Letter


British Dental Journal 196, 64 - 65 (2004)
Published online: 24 January 2004 | doi:10.1038/sj.bdj.4810920

Primary dentition 2

J F Roberts1 & N Attari1

  1. Weymouth

Send your letters to the editor, British Dental Journal, 64 Wimpole Street, London W1G 8YS or by email to e-mail: bdj@bda.org

Priority will be given to letters less than 500 words long. Authors must sign the letter, which may be edited for reasons of space

Sir,- The authors are correct to pose the question 'Does the dental profession know how to care for the primary dentition', and they confirm the gulf between the public health approach and that taken by paediatric dentists.1 In questioning the rationale for the British Society of Paediatric Dentistry (BSPD) statement they selectively quote from several papers, to give in our opinion a quite inappropriate bias to their thesis.

They say that in Dawson's paper2 over 10 per cent of stainless steel crowns (SSCs) needed further treatment but without adding that based upon that same study 75 per cent of one-surface and 70 per cent of two-surface amalgam restorations would need replacing before the age of eight.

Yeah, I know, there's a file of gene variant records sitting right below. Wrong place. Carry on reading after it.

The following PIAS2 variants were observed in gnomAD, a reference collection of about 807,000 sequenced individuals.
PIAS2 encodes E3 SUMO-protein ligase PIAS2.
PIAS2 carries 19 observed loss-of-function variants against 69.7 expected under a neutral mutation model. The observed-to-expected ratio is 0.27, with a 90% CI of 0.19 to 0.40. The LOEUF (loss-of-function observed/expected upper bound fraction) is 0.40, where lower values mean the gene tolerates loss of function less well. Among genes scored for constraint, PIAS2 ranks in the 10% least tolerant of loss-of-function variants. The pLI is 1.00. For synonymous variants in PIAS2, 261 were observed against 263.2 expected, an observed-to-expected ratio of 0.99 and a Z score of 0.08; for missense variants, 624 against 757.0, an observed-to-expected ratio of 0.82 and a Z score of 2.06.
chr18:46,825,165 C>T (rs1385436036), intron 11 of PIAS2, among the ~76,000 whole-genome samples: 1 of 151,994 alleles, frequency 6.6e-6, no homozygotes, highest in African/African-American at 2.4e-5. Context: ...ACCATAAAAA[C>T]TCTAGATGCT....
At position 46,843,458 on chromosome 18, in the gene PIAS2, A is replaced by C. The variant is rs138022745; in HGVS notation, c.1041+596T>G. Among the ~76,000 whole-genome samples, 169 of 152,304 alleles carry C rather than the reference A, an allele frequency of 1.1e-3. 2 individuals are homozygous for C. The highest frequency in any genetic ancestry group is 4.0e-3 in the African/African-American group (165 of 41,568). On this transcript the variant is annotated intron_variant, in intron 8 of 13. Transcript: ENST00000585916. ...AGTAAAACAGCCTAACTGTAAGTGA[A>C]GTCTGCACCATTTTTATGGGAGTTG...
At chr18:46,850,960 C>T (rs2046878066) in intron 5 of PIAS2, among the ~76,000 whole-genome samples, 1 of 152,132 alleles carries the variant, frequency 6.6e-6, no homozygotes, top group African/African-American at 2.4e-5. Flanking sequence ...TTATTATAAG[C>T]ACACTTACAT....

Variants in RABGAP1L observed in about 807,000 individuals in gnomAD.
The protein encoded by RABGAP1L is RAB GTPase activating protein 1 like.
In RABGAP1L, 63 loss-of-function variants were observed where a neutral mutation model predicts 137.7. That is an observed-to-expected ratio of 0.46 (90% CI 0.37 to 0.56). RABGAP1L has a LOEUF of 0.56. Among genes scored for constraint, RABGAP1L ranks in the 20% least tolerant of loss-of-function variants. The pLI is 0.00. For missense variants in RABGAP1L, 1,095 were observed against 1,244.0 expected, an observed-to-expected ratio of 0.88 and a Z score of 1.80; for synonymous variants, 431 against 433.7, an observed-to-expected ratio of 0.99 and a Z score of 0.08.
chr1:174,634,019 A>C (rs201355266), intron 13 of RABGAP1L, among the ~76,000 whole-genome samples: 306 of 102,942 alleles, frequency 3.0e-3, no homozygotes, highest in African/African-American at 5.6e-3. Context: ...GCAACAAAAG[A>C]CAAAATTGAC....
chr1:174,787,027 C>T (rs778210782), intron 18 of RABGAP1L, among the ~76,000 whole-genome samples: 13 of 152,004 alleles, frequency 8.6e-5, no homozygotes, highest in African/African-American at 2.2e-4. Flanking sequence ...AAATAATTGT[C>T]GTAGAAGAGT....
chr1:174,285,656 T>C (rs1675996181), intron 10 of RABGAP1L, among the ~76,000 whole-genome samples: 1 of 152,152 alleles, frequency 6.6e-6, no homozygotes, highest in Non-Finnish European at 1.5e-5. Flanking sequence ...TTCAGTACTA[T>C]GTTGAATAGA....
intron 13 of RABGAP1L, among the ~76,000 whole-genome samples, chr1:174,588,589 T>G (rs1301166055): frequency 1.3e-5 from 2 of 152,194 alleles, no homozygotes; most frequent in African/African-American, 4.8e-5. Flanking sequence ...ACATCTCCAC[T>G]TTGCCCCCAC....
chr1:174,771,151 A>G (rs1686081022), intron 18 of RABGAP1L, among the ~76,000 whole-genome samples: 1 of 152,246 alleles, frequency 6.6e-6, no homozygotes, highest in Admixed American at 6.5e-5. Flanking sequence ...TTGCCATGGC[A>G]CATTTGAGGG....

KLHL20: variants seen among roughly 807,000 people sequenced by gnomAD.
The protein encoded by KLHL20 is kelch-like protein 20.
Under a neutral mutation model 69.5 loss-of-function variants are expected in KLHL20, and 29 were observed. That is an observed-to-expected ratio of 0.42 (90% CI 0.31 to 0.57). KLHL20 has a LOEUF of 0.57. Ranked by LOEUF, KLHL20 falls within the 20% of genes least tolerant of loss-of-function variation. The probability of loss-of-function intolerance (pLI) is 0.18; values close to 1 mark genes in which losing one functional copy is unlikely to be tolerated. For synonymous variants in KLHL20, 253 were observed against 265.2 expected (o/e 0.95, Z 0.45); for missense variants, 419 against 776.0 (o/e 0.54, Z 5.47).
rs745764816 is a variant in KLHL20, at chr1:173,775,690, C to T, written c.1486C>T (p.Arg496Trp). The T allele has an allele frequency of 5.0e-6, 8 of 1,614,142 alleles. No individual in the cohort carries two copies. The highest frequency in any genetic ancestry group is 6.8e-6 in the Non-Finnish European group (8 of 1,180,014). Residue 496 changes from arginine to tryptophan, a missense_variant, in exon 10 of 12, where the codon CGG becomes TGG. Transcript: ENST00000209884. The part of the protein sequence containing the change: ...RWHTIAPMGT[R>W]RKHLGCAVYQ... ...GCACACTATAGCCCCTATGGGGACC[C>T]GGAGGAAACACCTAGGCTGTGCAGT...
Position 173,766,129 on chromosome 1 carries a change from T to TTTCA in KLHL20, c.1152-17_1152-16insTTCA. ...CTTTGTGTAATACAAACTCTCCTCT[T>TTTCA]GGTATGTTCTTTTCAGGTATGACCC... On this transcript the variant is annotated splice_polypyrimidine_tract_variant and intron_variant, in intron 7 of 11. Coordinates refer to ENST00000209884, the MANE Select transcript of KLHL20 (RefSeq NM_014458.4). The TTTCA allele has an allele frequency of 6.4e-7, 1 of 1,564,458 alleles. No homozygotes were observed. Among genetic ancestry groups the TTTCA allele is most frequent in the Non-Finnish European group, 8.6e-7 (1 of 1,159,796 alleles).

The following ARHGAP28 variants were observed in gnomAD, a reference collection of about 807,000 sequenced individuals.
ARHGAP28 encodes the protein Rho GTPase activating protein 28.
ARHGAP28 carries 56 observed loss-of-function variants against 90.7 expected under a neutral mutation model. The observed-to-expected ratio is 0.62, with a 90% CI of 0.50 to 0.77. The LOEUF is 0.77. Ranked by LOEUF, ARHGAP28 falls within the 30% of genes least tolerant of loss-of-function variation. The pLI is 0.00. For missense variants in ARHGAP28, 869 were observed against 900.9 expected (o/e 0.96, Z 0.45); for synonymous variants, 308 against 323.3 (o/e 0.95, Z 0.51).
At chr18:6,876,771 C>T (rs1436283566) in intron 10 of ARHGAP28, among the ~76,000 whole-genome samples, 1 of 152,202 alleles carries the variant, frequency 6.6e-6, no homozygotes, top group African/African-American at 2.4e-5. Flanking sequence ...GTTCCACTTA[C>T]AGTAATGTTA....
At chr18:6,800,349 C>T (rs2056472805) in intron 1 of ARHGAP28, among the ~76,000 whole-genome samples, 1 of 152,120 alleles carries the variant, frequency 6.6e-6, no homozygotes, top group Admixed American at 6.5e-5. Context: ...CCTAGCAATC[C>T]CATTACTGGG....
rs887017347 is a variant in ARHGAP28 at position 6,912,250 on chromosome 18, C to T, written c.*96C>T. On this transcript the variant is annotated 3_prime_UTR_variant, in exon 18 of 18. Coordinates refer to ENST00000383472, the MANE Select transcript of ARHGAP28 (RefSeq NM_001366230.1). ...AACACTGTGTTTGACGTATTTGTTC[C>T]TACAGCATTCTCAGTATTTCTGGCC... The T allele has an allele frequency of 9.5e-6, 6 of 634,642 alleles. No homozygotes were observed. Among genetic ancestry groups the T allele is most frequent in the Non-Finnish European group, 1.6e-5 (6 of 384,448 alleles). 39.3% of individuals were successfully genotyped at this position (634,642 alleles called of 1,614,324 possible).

In the Braff study3 they quote a conclusion that it was not possible to conclude that SSCs were superior to amalgams in terms of longevity, but ignore his findings that SSCs had a success rate of 70 per cent compared with 11.3 per cent with multisurface amalgams, highly significant p<0.001. In terms of re-treatment, of great importance to whoever is paying for treatment, the State or parents, SSCs were highly superior to amalgams. Roberts and Sheriff4 did report broadly similar longevity rates for SSCs and amalgams, and emphatically stated that amalgams were only placed in minimal, classical cavities, anything larger receiving an SSC.